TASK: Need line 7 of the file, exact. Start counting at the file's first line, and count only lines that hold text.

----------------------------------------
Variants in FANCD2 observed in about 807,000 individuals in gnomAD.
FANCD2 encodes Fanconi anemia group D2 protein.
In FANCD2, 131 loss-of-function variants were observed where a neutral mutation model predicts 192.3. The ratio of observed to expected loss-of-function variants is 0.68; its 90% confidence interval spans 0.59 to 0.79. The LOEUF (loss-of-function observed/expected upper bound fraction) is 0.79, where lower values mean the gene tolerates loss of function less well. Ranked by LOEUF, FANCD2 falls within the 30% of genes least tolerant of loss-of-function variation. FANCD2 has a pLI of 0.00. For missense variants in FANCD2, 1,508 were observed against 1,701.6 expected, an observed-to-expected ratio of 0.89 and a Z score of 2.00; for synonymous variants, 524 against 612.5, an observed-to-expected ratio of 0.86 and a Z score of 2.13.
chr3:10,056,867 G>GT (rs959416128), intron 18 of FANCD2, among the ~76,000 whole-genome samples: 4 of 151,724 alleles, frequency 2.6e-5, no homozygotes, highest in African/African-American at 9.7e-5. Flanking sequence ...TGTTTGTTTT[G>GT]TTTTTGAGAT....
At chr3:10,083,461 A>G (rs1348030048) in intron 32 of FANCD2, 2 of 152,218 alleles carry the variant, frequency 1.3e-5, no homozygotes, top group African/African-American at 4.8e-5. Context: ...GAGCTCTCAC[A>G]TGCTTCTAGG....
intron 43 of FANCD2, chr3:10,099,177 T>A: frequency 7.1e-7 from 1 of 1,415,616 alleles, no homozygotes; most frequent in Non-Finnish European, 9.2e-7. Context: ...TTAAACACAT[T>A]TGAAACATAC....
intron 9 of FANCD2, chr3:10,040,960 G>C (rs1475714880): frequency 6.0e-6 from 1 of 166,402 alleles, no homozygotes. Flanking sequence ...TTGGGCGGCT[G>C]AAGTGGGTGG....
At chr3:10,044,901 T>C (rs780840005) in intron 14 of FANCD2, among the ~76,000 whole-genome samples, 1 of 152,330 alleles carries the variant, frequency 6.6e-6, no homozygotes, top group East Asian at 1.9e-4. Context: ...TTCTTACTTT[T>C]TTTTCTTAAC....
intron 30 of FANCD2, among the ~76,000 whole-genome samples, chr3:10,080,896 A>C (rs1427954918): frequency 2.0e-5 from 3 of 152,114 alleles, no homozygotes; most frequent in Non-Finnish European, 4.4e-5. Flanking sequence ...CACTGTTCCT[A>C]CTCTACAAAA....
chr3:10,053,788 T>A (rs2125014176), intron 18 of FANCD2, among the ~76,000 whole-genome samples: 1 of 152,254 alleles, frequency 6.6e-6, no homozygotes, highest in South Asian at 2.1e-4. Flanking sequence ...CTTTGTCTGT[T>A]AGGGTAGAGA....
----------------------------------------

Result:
intron 9 of FANCD2, chr3:10,040,960 G>C (rs1475714880): frequency 6.0e-6 from 1 of 166,402 alleles, no homozygotes. Flanking sequence ...TTGGGCGGCT[G>C]AAGTGGGTGG....